Visitors to the World’s Tallest Living Tree Could Face Fine, Jail Time

By Clare Fitzgerald
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Visitors to the World’s Tallest Living Tree Could Face Fine, Jail Time

Clare Fitzgerald
 
Photo Credit: Dukas / Universal Images Group / Getty Images
Photo Credit: Dukas / Universal Images Group / Getty Images
 
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Located deep in the heart of Redwood National and State Parks (RNSP) is the world’s tallest old-growth redwood tree. Named Hyperion, its location off the beaten track has long been a mystery, but that hasn’t stopped nature enthusiasts and hikers from attempting to find it. The National Parks Service (NPS) is now trying to put a stop to the unwanted attention.

Looking up at the sky through redwood trees
Photo Credit: Douglas Peebles / CORBIS / Getty Images

According to a statement published to the NPS’ website, those tempted to visit Hyperion could face six months in jail and a $5,000 fine if caught anywhere near the giant redwood. Word of the penalties comes after the parks’ superintendent barred access to the area around the tree, citing “devastation of the habitat surrounding Hyperion.”

Named for the Greek Titan god of heavenly light, Hyperion was “discovered” by amateur naturalists Michael Taylor and Chris Atkins in 2006. Estimated to be between 600 and 800 years old, and standing at 115.55 meters, the old-growth redwood holds the Guinness World Record for the world’s tallest tree.

Male and female standing at the base of a redwood tree
Photo Credit: Carol M. Highsmith / Buyenlarge / Getty Images

The Redwood National and State Parks are one national park and three state parks located in northern California. They contain 45 percent of coastal old-growth redwood forests, with a total of five percent left worldwide. Their steep decline is the result of logging, with people attracted to the trees’ wood because it’s resistant to pests and decay.

Northern California’s redwoods, scientifically known as sequoia sempervirens, are among the tallest and oldest in the world. Able to reach heights of up to 115.9 meters and dating back some 1,200 to 2,200 years, they are particularly tall because of the region’s climate and the tendency for their leaves to absorb and store moisture.

The tree species also produces burl sprouts, which promote growth after injury and help the trees live long lives.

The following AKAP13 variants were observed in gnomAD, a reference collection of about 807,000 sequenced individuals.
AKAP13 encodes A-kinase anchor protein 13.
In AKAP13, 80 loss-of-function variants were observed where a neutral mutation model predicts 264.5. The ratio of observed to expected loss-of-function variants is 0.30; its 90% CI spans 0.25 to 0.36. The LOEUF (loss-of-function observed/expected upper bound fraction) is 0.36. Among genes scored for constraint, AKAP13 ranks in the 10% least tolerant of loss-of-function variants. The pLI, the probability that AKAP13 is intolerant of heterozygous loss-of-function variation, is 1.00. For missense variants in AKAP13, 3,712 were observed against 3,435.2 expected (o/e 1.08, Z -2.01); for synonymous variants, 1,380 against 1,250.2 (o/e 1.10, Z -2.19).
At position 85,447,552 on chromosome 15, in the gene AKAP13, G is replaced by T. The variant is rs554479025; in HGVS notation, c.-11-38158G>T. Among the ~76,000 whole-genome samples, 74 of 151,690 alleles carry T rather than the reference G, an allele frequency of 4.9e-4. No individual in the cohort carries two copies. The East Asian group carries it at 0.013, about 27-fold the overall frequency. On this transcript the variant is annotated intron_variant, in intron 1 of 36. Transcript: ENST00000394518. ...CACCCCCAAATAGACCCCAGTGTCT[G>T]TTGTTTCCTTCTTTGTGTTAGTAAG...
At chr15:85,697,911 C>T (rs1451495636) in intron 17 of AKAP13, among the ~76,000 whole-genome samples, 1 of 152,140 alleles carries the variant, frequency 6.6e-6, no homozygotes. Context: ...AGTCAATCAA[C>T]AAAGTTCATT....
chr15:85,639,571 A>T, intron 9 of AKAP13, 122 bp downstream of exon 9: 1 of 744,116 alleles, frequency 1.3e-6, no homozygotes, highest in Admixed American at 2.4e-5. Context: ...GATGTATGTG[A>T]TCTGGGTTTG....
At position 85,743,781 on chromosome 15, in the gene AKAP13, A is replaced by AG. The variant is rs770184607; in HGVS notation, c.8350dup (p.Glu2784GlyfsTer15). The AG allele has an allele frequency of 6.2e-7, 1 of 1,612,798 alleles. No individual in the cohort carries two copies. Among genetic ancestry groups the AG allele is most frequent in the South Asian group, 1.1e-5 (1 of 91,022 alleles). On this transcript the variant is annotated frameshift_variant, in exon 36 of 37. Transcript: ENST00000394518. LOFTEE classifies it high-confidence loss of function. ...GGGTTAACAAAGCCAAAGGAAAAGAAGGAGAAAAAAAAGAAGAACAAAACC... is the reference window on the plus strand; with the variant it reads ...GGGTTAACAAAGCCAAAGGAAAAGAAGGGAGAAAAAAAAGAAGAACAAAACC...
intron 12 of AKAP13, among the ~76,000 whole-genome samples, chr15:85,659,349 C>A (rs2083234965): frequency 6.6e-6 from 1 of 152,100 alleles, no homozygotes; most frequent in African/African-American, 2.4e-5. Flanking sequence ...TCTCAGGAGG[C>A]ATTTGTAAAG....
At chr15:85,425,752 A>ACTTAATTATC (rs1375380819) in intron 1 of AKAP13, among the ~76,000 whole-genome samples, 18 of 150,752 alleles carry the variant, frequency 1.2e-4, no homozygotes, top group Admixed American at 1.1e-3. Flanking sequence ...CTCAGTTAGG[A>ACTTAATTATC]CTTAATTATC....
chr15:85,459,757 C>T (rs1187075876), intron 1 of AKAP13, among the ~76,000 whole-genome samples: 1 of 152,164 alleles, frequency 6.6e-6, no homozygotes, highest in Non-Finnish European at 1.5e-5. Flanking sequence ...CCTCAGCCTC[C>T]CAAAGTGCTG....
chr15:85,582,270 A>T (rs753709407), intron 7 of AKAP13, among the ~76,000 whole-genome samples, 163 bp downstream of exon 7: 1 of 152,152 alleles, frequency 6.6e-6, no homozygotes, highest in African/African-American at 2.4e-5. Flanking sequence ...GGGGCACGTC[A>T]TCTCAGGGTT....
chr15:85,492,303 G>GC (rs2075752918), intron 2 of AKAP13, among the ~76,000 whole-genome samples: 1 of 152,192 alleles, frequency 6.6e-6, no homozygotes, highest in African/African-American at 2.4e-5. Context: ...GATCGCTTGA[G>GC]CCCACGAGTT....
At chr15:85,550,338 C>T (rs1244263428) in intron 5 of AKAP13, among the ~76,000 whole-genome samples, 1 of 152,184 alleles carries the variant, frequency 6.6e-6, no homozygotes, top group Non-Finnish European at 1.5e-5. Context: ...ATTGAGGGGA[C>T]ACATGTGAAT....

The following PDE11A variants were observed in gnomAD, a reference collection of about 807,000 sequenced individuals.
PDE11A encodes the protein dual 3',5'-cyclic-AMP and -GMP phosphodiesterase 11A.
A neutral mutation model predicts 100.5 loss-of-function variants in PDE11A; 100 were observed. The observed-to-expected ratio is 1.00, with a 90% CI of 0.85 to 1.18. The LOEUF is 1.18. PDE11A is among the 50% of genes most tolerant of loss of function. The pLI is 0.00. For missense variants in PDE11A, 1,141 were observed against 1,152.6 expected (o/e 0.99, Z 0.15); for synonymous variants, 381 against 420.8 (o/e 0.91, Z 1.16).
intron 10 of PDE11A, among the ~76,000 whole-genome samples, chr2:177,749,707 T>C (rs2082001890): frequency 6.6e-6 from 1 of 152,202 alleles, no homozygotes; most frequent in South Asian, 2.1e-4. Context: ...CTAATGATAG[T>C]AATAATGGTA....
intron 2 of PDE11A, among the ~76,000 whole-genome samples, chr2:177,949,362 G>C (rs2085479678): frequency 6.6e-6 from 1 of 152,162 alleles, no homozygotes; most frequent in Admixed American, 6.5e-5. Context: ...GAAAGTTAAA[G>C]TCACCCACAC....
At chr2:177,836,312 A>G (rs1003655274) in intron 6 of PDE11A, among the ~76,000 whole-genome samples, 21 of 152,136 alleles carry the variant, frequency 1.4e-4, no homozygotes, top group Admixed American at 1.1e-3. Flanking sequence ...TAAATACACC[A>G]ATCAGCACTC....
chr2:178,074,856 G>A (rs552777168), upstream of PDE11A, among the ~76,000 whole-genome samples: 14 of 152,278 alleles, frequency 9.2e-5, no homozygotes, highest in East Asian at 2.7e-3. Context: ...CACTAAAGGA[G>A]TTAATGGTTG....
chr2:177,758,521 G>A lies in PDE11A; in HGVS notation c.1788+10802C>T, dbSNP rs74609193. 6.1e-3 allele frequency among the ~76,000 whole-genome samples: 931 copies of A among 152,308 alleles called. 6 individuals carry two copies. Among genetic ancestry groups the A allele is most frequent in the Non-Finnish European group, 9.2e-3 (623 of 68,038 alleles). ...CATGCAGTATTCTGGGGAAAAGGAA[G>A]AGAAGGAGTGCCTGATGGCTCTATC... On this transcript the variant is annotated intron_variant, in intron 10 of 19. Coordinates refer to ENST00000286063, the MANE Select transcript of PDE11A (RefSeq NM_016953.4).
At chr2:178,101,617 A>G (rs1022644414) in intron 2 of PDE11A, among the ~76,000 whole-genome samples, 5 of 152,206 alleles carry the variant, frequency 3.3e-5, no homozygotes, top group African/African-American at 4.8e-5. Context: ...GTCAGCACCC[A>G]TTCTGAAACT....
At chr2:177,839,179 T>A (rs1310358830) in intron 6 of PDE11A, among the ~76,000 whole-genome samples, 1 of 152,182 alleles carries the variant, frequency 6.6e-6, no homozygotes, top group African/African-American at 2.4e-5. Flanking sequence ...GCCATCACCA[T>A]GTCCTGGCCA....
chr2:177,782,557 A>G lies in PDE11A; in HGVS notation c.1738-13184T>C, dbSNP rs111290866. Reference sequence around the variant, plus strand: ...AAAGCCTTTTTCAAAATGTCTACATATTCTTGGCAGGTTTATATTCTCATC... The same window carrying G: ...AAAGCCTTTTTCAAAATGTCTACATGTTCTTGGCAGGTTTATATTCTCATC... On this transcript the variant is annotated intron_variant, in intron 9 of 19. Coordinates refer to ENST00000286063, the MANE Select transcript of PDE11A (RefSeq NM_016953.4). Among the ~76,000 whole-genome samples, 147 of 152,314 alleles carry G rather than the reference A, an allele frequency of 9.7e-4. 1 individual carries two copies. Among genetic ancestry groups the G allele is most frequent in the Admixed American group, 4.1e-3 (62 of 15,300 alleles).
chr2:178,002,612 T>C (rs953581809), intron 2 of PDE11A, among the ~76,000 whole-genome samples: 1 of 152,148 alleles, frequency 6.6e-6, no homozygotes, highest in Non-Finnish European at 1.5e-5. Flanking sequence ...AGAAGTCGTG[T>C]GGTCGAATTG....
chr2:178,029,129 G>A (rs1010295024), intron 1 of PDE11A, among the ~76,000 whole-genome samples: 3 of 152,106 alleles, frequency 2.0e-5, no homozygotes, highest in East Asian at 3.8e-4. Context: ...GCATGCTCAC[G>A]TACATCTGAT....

Fog and sunlight filtering through redwood trees
Photo Credit: Brian van der Brug / Los Angeles Times / Getty Images

Since Hyperion’s discovery, numerous hikers and nature lovers have attempted to locate the redwood. Given how fragile the species is to ecological and environmental disturbances, there are worries unwanted visitors could lead to the tree’s destruction.

Along with degradation to Hyperion’s roots, which only reach down around 12 feet into the soil, human-made waste has also been left in the area, and there’s evidence people have attempted to climb the redwood. As well, people have been creating unofficial trails to reach the tree, damaging the surrounding vegetation.

“The social trails have grown in number, the amount of garbage has increased, there’s human waste that has been seen,” said resource manager Leonel Arguello. “As more people go up to this tree, they create more social trails and all that is having [damaging] impacts to the vegetation, to the soils, and all of the garbage just sits out there.”

Redwood forest on a foggy day
Photo Credit: George Rose / Getty Images

Outside of the damage to Hyperion, visitors are also at danger themselves when traveling off the official park trails. This is because the area has limited GPS coverage and cellphone reception, meaning it’s challenging to conduct search and rescue operations, should someone go missing.

The NPS has also revealed that the old-growth redwood doesn’t live up to its hype, saying that its trunk is much smaller than other trees and that its height isn’t discernible from the ground. There are hundreds of miles of trails surrounded by other redwoods, which offer the same awe-inspiring experience.

Trail winding beside a redwood tree
Photo Credit: VWPics / Universal Images Group / Getty Images

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Concluding its statement, the NPS asked the following question: “As a visitor, you must decide if you will be part of the preservation of this unique landscape – or will you be part of its destruction?”

 
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